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Reversing trades with MT4 trade copier

by anonymous

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One of the most interesting features in the trade copiers is that they can reverse trades. To be simple this means that receiver EA that is running on a slave MT4 account will execute a copied trade in an opposite direction. A simple example would be when a master account execute a long trade, it will be executed as a short trade on a slave account. The same is applied for the short trades, they are executed as a long trades on a slave account. This is basically what a trade reversal term means and most of the modern trade copiers have that.

Additionally it is important to know how a copy trade software handles stop loss and a take profit values when duplicating orders in reverse mode. Normal and acceptable behavior would be to swap the stop and profit values for all reversed orders, otherwise Client EA will have trouble placing those orders on a slave account. This is obvious, because on a long trade the stop loss is always will be below the entry price at the time of a trade execution while on a short trade it is always above entry price. So when a long trade having a stop loss set below its entry price is copied as a short trade, the same stop loss value will be incorrect. EA must use a take profit price of the original long trade and set that as a stop loss on the short trade. The take profit on a long trade is always above the entry price like the stop loss on a short trade. And the stop loss on a long trade is always below the entry price like the take profit on a short trade. This is the reason why stop and profit levels are reversed by default in reverse trade copying.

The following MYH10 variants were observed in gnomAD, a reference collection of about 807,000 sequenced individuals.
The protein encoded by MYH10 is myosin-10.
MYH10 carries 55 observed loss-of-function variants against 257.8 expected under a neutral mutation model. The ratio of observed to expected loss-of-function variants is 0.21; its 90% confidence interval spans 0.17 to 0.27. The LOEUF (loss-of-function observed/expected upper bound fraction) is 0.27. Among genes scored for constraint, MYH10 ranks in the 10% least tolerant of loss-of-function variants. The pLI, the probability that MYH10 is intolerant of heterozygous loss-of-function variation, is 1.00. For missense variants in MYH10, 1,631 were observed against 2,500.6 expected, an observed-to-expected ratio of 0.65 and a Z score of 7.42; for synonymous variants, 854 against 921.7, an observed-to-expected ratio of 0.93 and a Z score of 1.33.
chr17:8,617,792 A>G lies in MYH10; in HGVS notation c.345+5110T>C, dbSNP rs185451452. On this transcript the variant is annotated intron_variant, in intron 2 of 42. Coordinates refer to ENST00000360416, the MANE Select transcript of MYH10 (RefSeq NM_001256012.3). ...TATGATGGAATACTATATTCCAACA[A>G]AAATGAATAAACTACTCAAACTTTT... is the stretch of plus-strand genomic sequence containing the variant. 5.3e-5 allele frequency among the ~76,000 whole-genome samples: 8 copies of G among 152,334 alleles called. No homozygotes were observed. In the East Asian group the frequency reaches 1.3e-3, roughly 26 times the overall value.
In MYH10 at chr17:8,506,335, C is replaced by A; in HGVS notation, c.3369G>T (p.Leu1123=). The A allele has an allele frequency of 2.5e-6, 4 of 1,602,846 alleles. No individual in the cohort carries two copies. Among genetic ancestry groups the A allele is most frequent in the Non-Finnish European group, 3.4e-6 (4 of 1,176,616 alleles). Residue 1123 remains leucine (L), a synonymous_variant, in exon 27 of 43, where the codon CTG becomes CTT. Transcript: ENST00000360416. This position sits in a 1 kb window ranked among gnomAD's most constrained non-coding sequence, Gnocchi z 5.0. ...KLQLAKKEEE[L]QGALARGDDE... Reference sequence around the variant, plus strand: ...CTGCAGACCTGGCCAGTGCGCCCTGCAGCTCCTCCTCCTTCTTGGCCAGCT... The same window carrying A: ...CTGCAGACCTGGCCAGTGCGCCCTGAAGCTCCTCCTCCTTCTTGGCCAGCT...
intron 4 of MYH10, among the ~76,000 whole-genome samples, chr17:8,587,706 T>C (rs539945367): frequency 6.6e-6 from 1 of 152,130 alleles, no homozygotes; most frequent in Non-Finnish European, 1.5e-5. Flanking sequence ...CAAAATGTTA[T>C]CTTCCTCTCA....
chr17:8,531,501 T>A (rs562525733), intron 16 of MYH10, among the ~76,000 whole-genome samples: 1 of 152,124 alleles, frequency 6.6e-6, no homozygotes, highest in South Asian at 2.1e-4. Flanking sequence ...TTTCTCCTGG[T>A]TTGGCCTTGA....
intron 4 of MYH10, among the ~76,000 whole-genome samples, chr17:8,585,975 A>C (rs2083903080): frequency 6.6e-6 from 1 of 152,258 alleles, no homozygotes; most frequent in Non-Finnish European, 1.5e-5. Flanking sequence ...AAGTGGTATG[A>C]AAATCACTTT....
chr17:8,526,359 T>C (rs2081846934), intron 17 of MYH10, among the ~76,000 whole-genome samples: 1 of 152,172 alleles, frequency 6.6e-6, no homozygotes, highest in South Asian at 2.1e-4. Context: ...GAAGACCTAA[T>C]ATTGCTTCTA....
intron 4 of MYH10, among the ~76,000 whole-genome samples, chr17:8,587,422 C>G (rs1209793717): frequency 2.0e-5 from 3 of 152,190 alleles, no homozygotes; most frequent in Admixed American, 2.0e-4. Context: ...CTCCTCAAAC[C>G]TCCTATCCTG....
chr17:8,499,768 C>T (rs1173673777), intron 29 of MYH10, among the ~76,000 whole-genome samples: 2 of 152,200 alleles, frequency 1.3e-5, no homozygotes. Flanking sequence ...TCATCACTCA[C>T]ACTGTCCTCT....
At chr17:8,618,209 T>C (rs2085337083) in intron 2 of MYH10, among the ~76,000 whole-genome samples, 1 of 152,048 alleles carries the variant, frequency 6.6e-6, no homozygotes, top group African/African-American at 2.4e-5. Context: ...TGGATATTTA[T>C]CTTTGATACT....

Some MT4 trade copiers have ability to swap stop and profit values and usually have external setting for this which can be controlled by the user. This gives the user more abilities to control how their trade reversal should be handled and gives more options to experiment with.

When orders are reversed, keep in mind that entry prices will never be the same. This is because long trades are executed at the ask price while short orders are executed at a bid price. The difference between the ask and bid price is known as tge spread and it is always applied to all pairs. This means when a long trade executed at an ask price is copied and reversed on a slave account as a short trade, it must and will be executed at a bid price. There will be a difference between entry prices by the size of a spread or more when markets are moving fast. If your trade copier has a maximum price deviation option, you should note that it must be at least 2 times bigger than the spread when copying orders in reverse mode.

Pending orders are reversed too and it may look like a complicated operation, but it's not. For example if a buy stop order is reversed, it will become a sell limit order. This is because they both are above the current market price. The same applies to the sell stop and a buy limit orders. They both are below the current market price so the buy limit will become a sell stop in reverse mode or vice versa.


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